Cooling and rewarming of hands of military conscripts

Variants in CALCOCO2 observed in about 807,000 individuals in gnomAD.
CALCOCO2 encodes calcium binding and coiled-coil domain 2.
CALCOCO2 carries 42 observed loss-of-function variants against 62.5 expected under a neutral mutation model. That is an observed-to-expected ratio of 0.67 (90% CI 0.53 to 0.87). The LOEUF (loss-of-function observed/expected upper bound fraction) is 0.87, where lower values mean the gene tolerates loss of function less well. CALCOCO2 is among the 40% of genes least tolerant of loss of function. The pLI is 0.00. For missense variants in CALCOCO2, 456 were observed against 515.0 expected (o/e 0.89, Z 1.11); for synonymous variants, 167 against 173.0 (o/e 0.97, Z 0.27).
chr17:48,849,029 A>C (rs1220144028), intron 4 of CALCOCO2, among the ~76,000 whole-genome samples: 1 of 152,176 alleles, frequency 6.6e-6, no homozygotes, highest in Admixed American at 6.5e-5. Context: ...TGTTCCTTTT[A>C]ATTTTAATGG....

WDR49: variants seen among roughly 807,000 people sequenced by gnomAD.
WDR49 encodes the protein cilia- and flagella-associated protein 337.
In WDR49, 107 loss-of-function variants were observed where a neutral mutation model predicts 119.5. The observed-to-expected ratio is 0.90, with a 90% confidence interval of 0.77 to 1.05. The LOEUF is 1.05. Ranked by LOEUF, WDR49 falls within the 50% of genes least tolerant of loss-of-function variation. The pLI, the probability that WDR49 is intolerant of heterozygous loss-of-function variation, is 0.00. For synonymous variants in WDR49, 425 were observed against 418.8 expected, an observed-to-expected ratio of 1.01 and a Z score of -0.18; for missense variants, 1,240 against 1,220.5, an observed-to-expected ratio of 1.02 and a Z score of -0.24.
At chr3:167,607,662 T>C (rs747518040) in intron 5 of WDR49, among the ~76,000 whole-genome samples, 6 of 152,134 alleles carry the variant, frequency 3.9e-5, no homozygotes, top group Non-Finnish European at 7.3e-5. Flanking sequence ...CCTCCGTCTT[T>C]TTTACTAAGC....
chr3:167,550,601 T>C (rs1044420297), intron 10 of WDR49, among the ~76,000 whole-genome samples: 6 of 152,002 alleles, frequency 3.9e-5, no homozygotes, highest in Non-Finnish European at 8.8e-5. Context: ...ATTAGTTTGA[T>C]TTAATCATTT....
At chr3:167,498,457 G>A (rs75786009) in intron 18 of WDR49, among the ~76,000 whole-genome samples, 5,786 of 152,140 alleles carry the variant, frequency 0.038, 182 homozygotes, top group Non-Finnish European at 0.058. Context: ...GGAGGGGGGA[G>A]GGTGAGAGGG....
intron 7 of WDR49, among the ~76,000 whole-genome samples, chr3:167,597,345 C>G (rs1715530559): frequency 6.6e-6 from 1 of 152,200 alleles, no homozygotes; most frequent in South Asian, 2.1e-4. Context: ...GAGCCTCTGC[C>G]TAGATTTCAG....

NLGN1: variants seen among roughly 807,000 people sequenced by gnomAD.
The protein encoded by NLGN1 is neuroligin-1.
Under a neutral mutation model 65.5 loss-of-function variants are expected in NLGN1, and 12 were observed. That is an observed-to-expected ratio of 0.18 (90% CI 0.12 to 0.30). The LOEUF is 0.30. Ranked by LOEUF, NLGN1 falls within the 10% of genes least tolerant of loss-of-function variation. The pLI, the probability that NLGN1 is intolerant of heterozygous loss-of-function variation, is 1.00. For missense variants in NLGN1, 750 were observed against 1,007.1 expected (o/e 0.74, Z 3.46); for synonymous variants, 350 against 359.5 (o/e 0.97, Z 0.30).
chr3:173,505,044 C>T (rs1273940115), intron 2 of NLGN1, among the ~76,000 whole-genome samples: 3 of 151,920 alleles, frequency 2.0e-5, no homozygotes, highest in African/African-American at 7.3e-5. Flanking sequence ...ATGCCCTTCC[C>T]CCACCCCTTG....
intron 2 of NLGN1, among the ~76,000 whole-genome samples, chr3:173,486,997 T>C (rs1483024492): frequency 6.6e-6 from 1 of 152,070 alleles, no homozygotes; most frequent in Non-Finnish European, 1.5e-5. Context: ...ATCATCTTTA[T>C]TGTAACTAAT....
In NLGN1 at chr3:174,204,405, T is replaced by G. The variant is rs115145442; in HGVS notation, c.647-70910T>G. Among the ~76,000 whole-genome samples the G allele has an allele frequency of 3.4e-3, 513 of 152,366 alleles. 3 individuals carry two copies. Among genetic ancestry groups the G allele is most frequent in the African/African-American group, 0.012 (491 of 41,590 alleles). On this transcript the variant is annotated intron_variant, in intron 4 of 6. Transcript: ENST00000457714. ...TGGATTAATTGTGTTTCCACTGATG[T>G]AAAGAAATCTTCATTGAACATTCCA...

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The key to successful cold weather operations is among others to maintain soldiers’ manual dexterity and tactile sensation. Cooling of the hands leads to loss of manual dexterity, and reduces operational capacity. This descriptive study investigated whether cold weather exposure affects cooling rate and/or rewarming rate for soldiers’ hands. Skin temperature changes following a standardized cold provocation test on the back of the hands were examined on two cohorts of conscripts at two particular time points; the first during the first week of basic military training and the second following participation in a winter exercise in Northern Norway. The results reveals a tendency in both cohorts for hands to rewarm slightly faster after the winter exercise compared to after the first week of basic training. No difference in rewarming rate between the two cohorts was found after the winter exercise. The findings reveal that it is worth considering future studies to determine whether a standardized cold provocation test of hands can distinguish soldiers who are more prone to loss of manual dexterity and tactile sensation, and thus have a reduced operational capability in the cold.